If interest is truly lagging there is much blame to go around.

 For starters, many hyped hybrid teas (and other varieties as well) simply aren’t good plants. I went back and looked at the All-America Rose Selections for the past few decades. It’s true, Peace and Mr. Lincoln are still around, but what happened to Taffeta (1948), Matterhorn (1966), Apollo (1972), Mikado (1988) or Whisper (2003)? They are on the rubbish heap where they belong.

Over the years, gardeners have bought these roses only to have them fail. After that, they are reluctant to try again.

 Many of the large nurseries market their bushes for 3-4 years then drop them in order to promote newer varieties. Some really fine roses suddenly disappear from commerce.

 In addition, roses that grow splendidly well in California may sizzle in Alabama or sulk in South Dakota. Every rose does not fit every region of the country.

Then along came humble Knock Out. Anxious for an easy-care alternative, many gardeners trashed their traditional bushes and replaced them with the disease-resistant shrub that doesn’t look or smell like a rose.
Don’t get me wrong – Knock Out is a wonderful landscape innovation. You can pretty much plant it and forget it. But those who grow it exclusively are missing out on some of the greatest pleasures in gardening.

 The folks at David Austin English roses have gotten it right setting up trial gardens around the US to see which of their bushes are best suited to which region. And they don’t abandon old favorites for fresher faces. (The Heritage rose I planted 20 years ago is still as vibrant and available as ever.)

 Before we moved to the mountains, I had shrub roses, mini-floras and floribundas in my Maryland garden along with a few hybrid teas. The fragrance of The McCartney Rose and porcelain beauty of Pristine were worth the extra 15 minutes a week it took to treat them with an aerosol anti-disease spray.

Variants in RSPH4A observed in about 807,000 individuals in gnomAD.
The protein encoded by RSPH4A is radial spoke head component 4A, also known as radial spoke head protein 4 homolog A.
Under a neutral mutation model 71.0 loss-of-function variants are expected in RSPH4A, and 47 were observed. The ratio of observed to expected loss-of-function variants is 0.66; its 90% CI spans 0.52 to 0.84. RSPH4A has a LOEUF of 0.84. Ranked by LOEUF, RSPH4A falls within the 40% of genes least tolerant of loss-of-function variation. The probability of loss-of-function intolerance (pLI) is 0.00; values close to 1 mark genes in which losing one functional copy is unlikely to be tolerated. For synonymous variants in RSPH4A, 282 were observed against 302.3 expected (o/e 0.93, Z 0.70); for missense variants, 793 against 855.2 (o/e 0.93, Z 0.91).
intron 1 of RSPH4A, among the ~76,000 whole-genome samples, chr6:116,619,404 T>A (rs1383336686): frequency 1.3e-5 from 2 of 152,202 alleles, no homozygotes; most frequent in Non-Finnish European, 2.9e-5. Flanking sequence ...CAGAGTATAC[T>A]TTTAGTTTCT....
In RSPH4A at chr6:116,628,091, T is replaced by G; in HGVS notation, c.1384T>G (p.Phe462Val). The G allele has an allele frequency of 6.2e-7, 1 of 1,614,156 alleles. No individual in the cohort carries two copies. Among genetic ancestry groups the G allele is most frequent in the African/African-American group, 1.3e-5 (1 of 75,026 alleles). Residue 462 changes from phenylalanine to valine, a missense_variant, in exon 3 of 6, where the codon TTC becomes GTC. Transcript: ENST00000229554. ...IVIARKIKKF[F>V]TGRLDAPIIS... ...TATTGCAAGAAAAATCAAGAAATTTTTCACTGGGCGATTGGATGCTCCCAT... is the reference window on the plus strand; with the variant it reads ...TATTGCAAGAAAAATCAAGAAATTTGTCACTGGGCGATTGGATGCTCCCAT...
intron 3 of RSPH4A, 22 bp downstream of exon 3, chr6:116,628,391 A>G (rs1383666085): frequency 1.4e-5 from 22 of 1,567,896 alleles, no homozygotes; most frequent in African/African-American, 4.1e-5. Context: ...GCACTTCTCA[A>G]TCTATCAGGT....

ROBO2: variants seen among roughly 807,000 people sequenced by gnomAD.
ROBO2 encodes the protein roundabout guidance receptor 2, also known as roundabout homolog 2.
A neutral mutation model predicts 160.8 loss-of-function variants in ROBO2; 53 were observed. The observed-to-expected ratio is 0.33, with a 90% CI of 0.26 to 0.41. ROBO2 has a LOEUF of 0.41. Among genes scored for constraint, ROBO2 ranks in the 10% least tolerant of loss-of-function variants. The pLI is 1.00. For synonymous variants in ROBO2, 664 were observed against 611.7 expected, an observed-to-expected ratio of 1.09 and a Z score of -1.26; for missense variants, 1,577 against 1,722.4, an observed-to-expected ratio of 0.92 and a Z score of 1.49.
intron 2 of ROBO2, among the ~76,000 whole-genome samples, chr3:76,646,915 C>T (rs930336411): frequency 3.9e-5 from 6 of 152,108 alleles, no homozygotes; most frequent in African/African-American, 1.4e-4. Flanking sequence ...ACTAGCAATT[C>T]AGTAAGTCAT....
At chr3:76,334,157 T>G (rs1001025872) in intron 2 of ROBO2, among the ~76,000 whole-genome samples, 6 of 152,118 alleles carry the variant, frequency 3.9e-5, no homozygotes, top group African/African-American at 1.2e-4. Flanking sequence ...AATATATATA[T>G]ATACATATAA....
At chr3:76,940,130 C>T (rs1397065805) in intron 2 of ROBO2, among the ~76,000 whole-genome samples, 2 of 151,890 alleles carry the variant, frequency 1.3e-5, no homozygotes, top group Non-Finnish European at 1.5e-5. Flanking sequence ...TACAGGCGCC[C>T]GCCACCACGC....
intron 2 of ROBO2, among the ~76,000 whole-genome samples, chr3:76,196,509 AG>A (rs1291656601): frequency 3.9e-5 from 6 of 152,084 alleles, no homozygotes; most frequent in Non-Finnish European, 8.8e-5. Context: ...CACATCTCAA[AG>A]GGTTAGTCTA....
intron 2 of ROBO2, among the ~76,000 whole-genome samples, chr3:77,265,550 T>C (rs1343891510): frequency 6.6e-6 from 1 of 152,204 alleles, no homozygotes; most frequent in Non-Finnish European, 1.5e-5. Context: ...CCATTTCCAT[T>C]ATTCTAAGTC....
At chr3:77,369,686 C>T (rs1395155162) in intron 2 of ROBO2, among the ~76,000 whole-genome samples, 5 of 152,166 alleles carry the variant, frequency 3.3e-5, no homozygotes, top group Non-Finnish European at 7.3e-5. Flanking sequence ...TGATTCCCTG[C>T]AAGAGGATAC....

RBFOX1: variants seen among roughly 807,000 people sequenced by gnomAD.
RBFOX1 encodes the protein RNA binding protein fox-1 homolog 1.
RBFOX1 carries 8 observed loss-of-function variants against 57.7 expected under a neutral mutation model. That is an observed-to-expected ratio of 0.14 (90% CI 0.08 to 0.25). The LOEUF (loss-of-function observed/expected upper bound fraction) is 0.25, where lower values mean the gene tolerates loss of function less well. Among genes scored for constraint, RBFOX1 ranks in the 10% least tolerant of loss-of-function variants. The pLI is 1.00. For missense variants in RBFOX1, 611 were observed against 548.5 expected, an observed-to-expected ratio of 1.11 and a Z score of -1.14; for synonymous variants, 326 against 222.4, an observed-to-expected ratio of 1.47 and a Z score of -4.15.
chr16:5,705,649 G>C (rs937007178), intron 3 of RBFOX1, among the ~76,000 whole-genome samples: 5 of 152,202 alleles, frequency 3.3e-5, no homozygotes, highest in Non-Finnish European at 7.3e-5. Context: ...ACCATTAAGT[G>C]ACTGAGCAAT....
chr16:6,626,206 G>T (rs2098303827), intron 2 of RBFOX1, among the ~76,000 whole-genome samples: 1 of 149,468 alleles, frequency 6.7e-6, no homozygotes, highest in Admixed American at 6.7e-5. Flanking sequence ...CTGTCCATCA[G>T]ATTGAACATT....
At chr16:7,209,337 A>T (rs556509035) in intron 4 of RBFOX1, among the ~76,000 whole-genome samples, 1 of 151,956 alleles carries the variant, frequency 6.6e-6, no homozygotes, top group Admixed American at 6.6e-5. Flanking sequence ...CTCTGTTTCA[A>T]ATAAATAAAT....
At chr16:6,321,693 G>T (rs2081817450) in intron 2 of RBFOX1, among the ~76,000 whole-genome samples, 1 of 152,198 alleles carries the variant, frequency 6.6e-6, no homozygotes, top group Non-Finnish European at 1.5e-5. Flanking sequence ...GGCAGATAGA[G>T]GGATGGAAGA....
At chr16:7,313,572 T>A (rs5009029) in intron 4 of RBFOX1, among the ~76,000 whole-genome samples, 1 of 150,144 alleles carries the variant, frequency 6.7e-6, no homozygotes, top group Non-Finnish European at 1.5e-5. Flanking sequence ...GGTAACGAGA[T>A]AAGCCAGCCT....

I don’t believe “fancy” roses are dead. I think those of us who are cheerleaders for the Queen of Flowers need to work harder to let gardeners know there are fabulous, disease-resistant, fragrant varieties out there. Varieties that don’t demand a great deal of time or effort.

But do deliver more bang for the buck than any other blooming plant.
Friday, March 2, 2012 4 comments

Getting Off the Ground

Over the years I've come to realize that writing and gardening have a great deal in common. Both are solitary pursuits. Both can be extremely rewarding and incredibly frustrating. Both can foster tremendous success and smashing failure  -- sometimes within the same day.

There is a unique anticipation that accompanies the start of each new project, a blend of excitement and dread that comes from not knowing exactly how things will turn out. There is the endless task of editing, whether it is trimming a paragraph or shovel-pruning a disappointing rose. There are the hours of painstaking, meticulous work others never witness.
Mostly, writers and gardeners share the challenge of starting with nothing, a blank page or a bare patch of earth, with the expectation that a mixture of creativity and elbow grease will result in something special. 

Here’s hoping The Dirt Diaries will be just such an endeavor – a combination of tales from the garden, growing tips, news from the rose world and humor. Enjoy! And let me hear from you.